What is the Common Core?
The “Common Core of Skills and Knowledge for the Children’s Workforce” is (as the name suggests) a description of the skills and knowledge required by everyone whose work routinely brings them into contact with children, young people and families. It was published as non-statutory guidance in 2005 following an extensive period of consultation. Use of the Common Core is not mandatory, but it is increasingly used across all sectors to describe the skills needed for work with children. It is intended to be relevant to all workers at all levels, whether qualified or not, paid or unpaid.
Why is the Common Core important?
The Common Core is one of a range of initiatives introduced following the Laming enquiry into the death of Victoria Climbie. Lord Laming’s recommendations led to the Children Act of 2004, which required Directors of Children’s Services in every local authority area to improve the integration of services to children and families, through the development of Children’s Trusts and wide-ranging reform of the workforce. Over the past few years, local authorities have received additional funding from central government and support from bodies such as the Children’s Workforce Development council to introduce the necessary changes.
The fundamental aim of the Common Core is to provide a shared language across all professions and all sectors about the skills necessary to provide effective support to children, young people and families.
The Common Core can be used to support workforce development and training activities, and as a framework for workforce development strategies. This may mean that funding is limited to activities that have a clear link to the Common Core. As the Integrated Qualifications Framework (IQF – see separate briefing paper) for the children’s workforce is developed, all qualifications will need to show how they meet the requirements of the Common Core.
What does the Common Core cover?
The Common Core is divided into six areas of expertise. The following is a brief summary of the skills and knowledge outlined in each:
1. Effective communication and engagement
Workers should be able to listen effectively and build empathy. They should have effective skills in consultation and negotiation, and be able to summarise and explain information or choices to children, young people and their carers. They need to understand how effective communication works and be aware of confidentiality, ethics and respect. They should know where to find further information and support.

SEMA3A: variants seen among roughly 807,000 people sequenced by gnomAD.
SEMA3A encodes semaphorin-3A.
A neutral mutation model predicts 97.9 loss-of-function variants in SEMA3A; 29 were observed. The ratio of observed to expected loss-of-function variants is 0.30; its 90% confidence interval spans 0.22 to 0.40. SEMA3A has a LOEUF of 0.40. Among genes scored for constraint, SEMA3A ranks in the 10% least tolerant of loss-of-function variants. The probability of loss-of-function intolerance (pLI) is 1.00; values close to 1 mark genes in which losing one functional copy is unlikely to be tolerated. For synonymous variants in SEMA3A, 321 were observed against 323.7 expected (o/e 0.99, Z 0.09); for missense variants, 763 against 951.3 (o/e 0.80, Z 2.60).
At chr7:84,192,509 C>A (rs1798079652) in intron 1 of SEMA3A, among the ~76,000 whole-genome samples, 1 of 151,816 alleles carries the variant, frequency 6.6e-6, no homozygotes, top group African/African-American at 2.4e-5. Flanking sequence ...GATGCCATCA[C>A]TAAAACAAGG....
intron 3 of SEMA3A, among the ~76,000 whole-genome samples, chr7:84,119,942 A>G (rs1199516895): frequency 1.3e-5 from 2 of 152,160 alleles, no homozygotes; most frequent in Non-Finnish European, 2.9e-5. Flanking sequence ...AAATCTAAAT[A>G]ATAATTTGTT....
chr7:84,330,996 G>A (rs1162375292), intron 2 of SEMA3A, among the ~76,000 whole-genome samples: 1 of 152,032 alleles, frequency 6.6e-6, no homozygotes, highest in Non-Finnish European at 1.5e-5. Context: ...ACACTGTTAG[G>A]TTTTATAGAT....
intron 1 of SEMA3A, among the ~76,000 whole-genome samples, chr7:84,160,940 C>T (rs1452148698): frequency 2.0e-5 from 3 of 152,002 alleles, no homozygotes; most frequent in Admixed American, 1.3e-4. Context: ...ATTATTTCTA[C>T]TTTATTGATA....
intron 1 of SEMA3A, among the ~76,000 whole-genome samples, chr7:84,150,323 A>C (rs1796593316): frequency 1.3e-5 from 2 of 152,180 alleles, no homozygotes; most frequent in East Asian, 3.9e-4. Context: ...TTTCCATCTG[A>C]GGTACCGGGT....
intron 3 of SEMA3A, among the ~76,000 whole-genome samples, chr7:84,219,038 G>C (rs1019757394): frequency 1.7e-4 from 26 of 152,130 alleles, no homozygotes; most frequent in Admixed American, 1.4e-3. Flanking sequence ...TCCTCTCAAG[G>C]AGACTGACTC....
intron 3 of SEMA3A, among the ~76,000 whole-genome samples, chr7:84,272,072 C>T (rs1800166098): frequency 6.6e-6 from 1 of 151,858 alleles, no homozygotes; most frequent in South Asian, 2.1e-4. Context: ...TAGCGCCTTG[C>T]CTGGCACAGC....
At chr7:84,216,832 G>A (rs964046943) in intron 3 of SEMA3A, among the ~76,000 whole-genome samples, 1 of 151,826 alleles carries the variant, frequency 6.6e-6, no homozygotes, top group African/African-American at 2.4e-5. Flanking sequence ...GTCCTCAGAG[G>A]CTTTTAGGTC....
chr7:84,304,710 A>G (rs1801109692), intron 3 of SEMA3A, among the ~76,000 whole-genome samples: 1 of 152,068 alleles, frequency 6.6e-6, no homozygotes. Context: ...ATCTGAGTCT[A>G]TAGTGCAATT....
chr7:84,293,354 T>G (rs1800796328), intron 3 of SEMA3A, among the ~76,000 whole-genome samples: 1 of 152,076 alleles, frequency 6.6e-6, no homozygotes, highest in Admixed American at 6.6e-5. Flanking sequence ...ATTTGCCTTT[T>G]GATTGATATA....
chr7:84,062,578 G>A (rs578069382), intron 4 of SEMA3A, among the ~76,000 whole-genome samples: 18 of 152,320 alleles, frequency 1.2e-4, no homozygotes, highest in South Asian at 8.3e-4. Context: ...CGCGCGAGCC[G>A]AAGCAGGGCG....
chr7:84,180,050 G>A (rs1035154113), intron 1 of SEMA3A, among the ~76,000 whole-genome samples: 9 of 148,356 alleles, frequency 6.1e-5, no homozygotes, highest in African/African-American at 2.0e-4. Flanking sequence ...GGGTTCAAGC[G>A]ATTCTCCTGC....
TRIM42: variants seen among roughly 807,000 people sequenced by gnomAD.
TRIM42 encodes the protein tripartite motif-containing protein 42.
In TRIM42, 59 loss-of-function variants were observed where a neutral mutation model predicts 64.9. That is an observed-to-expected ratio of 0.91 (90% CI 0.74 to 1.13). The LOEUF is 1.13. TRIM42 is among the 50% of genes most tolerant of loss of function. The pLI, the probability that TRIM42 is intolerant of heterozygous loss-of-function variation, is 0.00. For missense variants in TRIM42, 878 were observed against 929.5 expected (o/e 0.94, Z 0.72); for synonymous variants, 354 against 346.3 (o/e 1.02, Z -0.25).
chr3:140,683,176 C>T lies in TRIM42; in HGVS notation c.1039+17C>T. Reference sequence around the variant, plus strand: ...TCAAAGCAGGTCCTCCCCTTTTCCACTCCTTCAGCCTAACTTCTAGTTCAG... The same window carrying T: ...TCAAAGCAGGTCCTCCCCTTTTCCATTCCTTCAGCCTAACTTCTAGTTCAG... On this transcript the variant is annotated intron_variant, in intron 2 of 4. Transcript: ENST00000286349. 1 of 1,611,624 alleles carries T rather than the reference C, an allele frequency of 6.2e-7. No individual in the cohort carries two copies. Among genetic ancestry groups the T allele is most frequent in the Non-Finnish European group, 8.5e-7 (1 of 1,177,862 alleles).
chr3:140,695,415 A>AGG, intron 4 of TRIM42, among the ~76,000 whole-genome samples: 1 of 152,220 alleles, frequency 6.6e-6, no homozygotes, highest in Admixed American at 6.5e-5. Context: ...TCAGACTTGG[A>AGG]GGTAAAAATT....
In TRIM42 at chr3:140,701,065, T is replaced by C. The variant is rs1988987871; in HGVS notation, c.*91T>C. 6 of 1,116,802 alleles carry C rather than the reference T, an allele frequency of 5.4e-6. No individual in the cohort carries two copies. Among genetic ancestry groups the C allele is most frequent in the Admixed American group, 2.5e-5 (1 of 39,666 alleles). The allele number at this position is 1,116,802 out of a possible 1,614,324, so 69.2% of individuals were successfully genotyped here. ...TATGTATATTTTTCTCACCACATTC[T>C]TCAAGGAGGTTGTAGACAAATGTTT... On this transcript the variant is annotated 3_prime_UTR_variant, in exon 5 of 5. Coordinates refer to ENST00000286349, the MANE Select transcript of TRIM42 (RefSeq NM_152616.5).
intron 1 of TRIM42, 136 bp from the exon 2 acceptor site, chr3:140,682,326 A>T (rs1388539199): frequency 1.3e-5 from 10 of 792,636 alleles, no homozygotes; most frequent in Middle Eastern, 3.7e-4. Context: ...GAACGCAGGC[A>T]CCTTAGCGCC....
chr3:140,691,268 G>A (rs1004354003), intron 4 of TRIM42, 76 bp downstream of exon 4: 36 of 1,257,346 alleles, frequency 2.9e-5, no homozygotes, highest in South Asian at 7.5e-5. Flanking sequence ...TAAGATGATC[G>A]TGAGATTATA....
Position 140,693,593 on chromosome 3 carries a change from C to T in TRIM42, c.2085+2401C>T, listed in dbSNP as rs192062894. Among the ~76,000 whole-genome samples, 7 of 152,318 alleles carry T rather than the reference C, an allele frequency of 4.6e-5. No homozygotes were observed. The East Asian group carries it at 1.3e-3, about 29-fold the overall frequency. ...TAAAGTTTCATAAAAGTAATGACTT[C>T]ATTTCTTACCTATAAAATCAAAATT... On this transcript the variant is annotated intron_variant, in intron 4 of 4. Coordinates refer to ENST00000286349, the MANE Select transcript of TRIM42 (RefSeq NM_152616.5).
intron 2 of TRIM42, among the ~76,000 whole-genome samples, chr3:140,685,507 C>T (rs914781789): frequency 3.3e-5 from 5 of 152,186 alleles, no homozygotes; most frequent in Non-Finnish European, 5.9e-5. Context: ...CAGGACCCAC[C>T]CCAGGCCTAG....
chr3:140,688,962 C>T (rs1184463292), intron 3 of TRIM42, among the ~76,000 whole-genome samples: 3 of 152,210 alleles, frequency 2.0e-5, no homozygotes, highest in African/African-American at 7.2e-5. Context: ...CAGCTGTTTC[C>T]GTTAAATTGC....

2. Child and young person development
This section describes the skills of observing and making judgements about the child’s behaviour and development. It highlights the need to apply empathy and understanding to the individual. Workers should understand how children and young people develop and be able to apply this knowledge in a specific context. This section also requires workers to understand their own role, the wider environment and how to reflect on their practice.
Read more about children's development
3. Safeguarding and promoting the welfare of the child
Workers must be able to recognise potential problems and take suitable action. They should be able to communicate and record information appropriately, with awareness of when to involve others. They should understand the legal and procedural context related to their work.
Read more about Safeguarding
4. Supporting transitions
This section outlines the need to understand the various stages in a child’s life and the ability to provide appropriate support at those relevant to the worker’s role.
Read more about those Toddler years
Read more about separations and changes in the early years
Read more about a child's experience of starting primary school
Read more about supporting teenagers
Read more about helping children and parents cope with divorce and separation
Read more about supporting children cope with breavement
5. Multi-agency working
Workers should be able to communicate and work effectively in a team, understanding their own role and how it relates to others’.
Read more about the benefits of multi-agency working
6. Sharing information
This section describes skills related to collecting, assessing, handling and passing on information, particularly in complex situations. This includes the need to establish trust with service users and colleagues, and respect legal and procedural frameworks.
What are the implications for the third sector?
There is no distinction in the Common Core between workers in the statutory, private and third sectors; the framework applies to all those who work with children, young people and families.
Use of the Common Core is not mandatory, but is seen as good practice. Some funders may already seek compliance with it when allocating grants or contracts related to children and young people’s services.
Third sector organisations may find the Common Core helpful in explaining the value of their work and the quality of their staff or volunteers to partners and funders. Third sector organisations seeking funding for workforce development should refer to the Common Core to justify their needs. Organisations providing training should use it to assess and explain the purpose and value of their activities.